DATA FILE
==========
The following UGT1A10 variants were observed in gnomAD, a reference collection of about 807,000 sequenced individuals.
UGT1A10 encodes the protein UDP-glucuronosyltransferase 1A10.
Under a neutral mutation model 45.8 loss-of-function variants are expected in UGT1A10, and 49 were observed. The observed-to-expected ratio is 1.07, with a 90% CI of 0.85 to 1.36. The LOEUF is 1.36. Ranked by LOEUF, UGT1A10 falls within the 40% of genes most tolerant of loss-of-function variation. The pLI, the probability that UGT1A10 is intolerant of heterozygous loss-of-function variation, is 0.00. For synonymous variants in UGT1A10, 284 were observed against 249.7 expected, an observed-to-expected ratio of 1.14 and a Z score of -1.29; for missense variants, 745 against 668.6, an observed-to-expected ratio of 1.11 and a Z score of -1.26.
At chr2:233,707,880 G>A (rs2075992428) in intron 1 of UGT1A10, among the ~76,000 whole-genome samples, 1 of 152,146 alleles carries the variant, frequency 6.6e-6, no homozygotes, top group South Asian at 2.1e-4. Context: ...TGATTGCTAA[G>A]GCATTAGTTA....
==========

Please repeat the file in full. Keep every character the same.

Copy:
The following UGT1A10 variants were observed in gnomAD, a reference collection of about 807,000 sequenced individuals.
UGT1A10 encodes the protein UDP-glucuronosyltransferase 1A10.
Under a neutral mutation model 45.8 loss-of-function variants are expected in UGT1A10, and 49 were observed. The observed-to-expected ratio is 1.07, with a 90% CI of 0.85 to 1.36. The LOEUF is 1.36. Ranked by LOEUF, UGT1A10 falls within the 40% of genes most tolerant of loss-of-function variation. The pLI, the probability that UGT1A10 is intolerant of heterozygous loss-of-function variation, is 0.00. For synonymous variants in UGT1A10, 284 were observed against 249.7 expected, an observed-to-expected ratio of 1.14 and a Z score of -1.29; for missense variants, 745 against 668.6, an observed-to-expected ratio of 1.11 and a Z score of -1.26.
At chr2:233,707,880 G>A (rs2075992428) in intron 1 of UGT1A10, among the ~76,000 whole-genome samples, 1 of 152,146 alleles carries the variant, frequency 6.6e-6, no homozygotes, top group South Asian at 2.1e-4. Context: ...TGATTGCTAA[G>A]GCATTAGTTA....